Though, I’m sure the outcome would have been the same if that were the case. We women are soooo wiley, you know. ; )

  3. ALSuperMom

    I had no idea that you were so talented and then so badly injured! I think the instructors at LDC were so mistaken! Your analogy was correct.

    As for the employer you speak of, yes, there are problems pertaining to some so-called “leaders” who are going to mess things up. Some take “friendship” too far and refuse to kick deadbeats and ne’er do wells off the bus! Instead, they get rid of others.

    I am happy that I am working for a wonderful young lady!

    1. I am happy for you. You know what I think about at least ONE choice my employer recently made, but I hope it will be for the best for YOU.

      The leadership thing is definitely NOT benefiting this employer. It is reinforcing the status quo and innate biases. That’s where we (all people) need to be examining ourselves, NOT patting ourselves on the back!

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  5. I liked post because it revealed a major event that made you who you are today. It’s not fair the accident happened, it’s not fair that people are insensitive jerks, but sadly, this is what life is: hard and unfair.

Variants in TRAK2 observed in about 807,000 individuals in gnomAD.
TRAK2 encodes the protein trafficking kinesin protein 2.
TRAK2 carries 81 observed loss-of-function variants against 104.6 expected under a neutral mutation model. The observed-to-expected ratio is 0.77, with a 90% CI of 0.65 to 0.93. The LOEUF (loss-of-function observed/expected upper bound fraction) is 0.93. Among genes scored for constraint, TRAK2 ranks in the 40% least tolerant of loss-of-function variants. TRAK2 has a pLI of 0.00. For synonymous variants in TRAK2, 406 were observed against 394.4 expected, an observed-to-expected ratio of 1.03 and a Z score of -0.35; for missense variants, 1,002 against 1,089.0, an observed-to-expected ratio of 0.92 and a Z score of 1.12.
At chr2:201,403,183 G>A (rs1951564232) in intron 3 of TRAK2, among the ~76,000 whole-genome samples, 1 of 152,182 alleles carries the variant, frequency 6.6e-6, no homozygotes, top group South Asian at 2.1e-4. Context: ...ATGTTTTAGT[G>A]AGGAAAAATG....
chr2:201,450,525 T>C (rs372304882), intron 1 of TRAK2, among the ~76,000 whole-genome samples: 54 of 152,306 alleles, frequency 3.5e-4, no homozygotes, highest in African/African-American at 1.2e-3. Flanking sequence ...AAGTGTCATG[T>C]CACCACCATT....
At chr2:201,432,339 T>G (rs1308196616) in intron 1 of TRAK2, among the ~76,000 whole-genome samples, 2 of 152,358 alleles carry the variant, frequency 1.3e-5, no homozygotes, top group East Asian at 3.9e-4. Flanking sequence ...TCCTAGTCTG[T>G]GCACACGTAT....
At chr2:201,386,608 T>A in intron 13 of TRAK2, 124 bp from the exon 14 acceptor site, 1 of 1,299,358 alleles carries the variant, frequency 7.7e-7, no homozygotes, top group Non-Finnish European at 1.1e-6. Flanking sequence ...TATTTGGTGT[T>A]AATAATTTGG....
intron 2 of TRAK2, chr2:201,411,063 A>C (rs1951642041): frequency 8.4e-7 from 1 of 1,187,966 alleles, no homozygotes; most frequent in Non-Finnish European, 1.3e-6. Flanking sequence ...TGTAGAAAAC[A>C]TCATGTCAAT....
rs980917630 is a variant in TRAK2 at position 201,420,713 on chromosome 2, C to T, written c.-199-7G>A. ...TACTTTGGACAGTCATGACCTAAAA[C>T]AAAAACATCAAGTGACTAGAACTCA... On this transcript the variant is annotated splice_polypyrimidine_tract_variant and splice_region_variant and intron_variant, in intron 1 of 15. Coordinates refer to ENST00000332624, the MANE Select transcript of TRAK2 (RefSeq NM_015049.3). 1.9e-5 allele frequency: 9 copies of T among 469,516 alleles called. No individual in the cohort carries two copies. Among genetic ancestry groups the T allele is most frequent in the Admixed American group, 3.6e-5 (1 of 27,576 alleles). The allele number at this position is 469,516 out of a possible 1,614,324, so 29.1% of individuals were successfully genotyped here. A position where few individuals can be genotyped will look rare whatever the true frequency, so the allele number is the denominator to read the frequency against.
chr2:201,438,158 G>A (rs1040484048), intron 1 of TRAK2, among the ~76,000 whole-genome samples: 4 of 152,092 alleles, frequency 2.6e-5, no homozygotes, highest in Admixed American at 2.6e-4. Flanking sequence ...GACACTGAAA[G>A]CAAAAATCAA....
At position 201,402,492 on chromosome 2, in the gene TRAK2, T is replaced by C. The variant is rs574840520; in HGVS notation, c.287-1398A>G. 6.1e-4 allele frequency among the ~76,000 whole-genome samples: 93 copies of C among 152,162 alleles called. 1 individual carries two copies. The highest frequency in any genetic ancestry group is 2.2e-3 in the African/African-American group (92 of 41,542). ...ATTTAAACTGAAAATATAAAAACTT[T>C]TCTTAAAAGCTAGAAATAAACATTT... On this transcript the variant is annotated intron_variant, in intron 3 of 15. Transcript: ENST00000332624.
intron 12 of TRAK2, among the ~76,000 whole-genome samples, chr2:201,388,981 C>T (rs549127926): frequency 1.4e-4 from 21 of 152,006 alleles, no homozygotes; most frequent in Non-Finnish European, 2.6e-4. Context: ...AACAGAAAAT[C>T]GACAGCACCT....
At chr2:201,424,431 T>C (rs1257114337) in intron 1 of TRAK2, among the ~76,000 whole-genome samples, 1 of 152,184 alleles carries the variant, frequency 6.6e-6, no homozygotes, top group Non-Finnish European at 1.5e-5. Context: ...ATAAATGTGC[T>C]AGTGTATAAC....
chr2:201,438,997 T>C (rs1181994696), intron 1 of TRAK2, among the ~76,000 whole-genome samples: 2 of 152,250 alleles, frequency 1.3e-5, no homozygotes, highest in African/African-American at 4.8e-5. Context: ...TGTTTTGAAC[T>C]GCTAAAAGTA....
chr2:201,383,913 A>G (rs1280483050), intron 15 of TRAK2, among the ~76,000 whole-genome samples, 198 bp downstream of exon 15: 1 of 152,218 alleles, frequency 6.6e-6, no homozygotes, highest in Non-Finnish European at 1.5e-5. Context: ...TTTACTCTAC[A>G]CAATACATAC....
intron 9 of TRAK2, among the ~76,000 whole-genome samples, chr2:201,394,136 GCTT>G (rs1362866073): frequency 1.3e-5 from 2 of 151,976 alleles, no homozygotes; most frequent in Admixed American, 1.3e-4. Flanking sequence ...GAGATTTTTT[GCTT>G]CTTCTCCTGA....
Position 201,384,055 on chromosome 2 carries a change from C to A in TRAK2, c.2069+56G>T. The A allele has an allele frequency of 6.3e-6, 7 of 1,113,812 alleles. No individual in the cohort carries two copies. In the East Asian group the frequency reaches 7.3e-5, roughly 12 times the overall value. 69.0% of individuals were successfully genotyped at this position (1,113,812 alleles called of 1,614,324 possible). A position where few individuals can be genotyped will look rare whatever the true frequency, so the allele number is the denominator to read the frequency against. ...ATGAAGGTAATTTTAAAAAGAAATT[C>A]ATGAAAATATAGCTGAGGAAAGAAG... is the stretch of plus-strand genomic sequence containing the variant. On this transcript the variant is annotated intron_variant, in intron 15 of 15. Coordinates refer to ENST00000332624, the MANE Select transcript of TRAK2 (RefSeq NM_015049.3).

Picking up and moving on with a life you didn’t plan on having is what sets you apart from the crowd. I have known people who stumble and then let themselves go into a downward spiral (often with the help of alcohol) until their life really was as miserable as they thought.

    1. Stumbling and spiralling down can happen to anyone. Denying grief can be damaging as well. Honoring one’s real feelings can be hard – I think both come from a failure to honor and LIVE through our emotions. Alcohol can definitely assist in keeping one down…or disconnected or in denial. I have been amazed to realize that alcohol addiction can look like cocaine addiction and be equally ugly. I didn’t grow up watching people do these things, so it was ALL eye-opening (and heart-breaking).

      Something touched on only briefly in this post (the cult-targeting) nearly killed me…I wish I had the words, but I do hope that someone, somewhere, stumbles across this and realized that accepting that many things in life are NOT within our control can be a healthy and liberating thing.